Katri Hamunen, Outi Virkkula, Teppo Hujala, Juha Hiedanpää & Mikko Kurttila. (2015). Enhancing informal interaction and knowledge co-construction among forest owners. Silva Fennica vol. 49 no. 1 article id 1214. https://doi.org/10.14214/sf.1214
Highlights: Forest owners’ own communities could complement the present expert-driven forestry extension; Enhancing informal interaction between forest owners calls for sufficiently homogeneous reference groups and also new communication contexts; New purposes of forest ownership and innovative forest management practices are suggested topics for novel owner communities; Forest professionals may initiate these communities, but the continuity depends on the owners themselves.
It is a common concern that non-resident private forest owners are less able to make informed decisions regarding their forests. Moreover, the present guidance given by forest professionals is not reaching all owners. In this study, we suggest enhancing knowledge exchange among forest owners by increasing their mutual and informal interaction that could inspire them to co-construct new knowledge. The first objective is to identify present emerging activities that constitute knowledge exchange contexts (communities) for Finnish forest owners. The second objective is to discuss the challenges of current Finnish forest extension and their implications when introducing Communities of Practice as a complementary response to existing, yet insufficient, professional-led extension. Data consist of Finnish forest owners’ and forest professionals’ (n = 43) focus group interviews. The qualitative analysis was theoretically oriented followed by data-driven coding and grouping. According to the results, the role of expert-led encounters is strong in Finland and owners’ opportunities for good mutual communication are rare. Informal communities exist mainly in the countryside among neighbouring owners and within families. To enhance knowledge sharing among owners, one needs to identify innovative topics and activities that would inspire owners to commit to their forest property and perform active silviculture. These communities would operate as creative learning environments allowing participation of different levels. When cultivating forest owners’ communities it is important to consider actors’ roles. Forest owners themselves are responsible for the functions and continuity of these communities, although forest professionals could also initiate new and sufficiently homogenous reference groups for the owners.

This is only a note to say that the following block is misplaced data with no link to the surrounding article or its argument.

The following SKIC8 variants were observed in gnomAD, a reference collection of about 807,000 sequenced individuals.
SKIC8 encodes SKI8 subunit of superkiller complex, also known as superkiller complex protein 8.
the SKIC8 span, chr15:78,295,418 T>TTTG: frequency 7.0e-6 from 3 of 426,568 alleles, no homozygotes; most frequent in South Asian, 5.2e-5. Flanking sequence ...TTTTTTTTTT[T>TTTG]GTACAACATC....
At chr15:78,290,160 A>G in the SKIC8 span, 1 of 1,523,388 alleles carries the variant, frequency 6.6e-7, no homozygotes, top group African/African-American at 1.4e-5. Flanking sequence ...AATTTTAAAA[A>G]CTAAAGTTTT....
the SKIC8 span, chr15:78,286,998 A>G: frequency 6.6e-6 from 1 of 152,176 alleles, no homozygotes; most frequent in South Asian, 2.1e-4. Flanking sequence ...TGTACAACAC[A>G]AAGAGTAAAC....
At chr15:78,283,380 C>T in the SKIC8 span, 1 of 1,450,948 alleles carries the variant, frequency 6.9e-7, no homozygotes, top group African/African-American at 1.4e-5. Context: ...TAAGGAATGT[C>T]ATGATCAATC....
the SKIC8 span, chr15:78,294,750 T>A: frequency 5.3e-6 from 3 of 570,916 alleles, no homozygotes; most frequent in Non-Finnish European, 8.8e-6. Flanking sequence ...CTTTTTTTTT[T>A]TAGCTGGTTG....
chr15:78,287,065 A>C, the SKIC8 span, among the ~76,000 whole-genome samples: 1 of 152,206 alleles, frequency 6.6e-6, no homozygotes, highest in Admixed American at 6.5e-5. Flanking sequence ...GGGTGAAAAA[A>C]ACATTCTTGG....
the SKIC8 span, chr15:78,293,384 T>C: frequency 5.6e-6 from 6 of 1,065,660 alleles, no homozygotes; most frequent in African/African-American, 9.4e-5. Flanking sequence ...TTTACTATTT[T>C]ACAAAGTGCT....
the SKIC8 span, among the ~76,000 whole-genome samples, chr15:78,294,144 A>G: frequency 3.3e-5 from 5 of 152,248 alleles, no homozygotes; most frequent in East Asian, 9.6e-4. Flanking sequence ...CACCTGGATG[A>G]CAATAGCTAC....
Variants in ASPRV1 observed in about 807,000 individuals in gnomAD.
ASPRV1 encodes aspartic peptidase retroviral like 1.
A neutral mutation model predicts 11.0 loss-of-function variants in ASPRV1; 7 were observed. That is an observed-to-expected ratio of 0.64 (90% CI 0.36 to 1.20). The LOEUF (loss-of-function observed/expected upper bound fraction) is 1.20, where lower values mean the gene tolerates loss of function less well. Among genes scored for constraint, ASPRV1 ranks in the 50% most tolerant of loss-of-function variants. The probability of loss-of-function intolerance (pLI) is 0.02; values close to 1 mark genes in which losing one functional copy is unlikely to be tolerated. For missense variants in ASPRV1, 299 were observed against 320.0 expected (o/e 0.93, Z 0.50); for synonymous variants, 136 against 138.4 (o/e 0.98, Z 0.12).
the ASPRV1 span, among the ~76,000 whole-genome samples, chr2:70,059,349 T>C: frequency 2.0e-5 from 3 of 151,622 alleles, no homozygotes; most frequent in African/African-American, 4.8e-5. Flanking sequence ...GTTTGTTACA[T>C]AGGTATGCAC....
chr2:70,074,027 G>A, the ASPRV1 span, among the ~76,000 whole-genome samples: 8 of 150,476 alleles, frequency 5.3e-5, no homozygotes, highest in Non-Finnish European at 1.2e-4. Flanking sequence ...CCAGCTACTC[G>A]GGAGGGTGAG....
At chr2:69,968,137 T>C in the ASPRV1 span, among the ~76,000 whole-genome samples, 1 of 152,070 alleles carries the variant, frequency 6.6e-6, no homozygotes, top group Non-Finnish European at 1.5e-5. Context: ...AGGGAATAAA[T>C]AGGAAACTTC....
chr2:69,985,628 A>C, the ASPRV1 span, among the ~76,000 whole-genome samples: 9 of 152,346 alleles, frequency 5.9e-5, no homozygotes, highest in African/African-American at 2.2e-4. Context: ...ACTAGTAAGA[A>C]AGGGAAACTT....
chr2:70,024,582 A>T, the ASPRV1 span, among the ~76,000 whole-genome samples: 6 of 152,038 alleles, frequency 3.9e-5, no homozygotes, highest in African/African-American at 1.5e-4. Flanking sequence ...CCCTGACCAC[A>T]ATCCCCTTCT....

• Hamunen, Natural Resources Institute Finland (Luke), New Business Opportunities, P.O. Box 68, FI-80101 Joensuu, Finland ORCID ID:E-mail: katri.hamunen@luke.fi
  • Virkkula, Oulu University of Applied Sciences, Kotkantie 1, FI-90250 Oulu, Finland ORCID ID:E-mail: outi.virkkula@oamk.fi
  • Hujala, Natural Resources Institute Finland (Luke), New Business Opportunities, P.O. Box 18, FI-01301 Vantaa, Finland ORCID ID: http://orcid.org/0000-0002-7905-7602 E-mail: teppo.hujala@luke.fi (email)
  • Hiedanpää, Natural Resources Institute Finland (Luke), Economy and Society, Itäinen Pitkäkatu 3, FI-20520 Turku, Finland ORCID ID:E-mail: juha.hiedanpaa@luke.fi
  • Kurttila, Natural Resources Institute Finland (Luke), New Business Opportunities, P.O. Box 68, FI-80101 Joensuu, Finland ORCID ID:E-mail: mikko.kurttila@luke.fi
article id 1191, category Research article
Tore Skrøppa, Halvor Solheim & Arne Steffenrem. (2015). Genetic variation, inheritance patterns and parent–offspring relationships after artificial inoculations with Heterobasidion parviporum and Ceratocystis polonica in Norway spruce seed orchards and progeny tests. Silva Fennica vol. 49 no. 1 article id 1191. https://doi.org/10.14214/sf.1191
Highlights: Genetic variation is demonstrated in response to artificial inoculations with Heterobasidion parviporum and Ceratocystis polonica both between parents and their offspring;Strong relationships are observed between the male parents and their off-spring, less so between the female parents and their offspring.
Inoculations with the two fungi Heterobasidion parviporum and Ceratocystis polonica were made in two series of progeny tests each containing full-sib families planted at two sites and on grafts of the parents in two seed orchards. Significant variation among families in lesion lengths after inoculation was found for both fungi and a predominantly additive inheritance was indicated. The estimates of narrow sense heritability were 0.13 and 0.22 for H. parviporum and C. polonica, respectively. The estimate of the genetic correlation between the lesion lengths of the two fungi was as low as 0.12. Significant variation in lesion lengths was also found among parental clones, and within ramets of the same clone, in the seed orchards. In one of the series a high positive correlation (r = 0.88) was found between the H. parviporum lesion lengths of the male parents and offspring, but not for the female parents and off-spring. The results confirm earlier conclusions that the genetic variation and heritabilities are large enough for practical breeding for resistance.
  • Skrøppa, Norwegian Forest and Landscape Institute, Box 115, 1431 Ås, Norway ORCID ID:E-mail: tore.skroppa@skogoglandskap.no (email)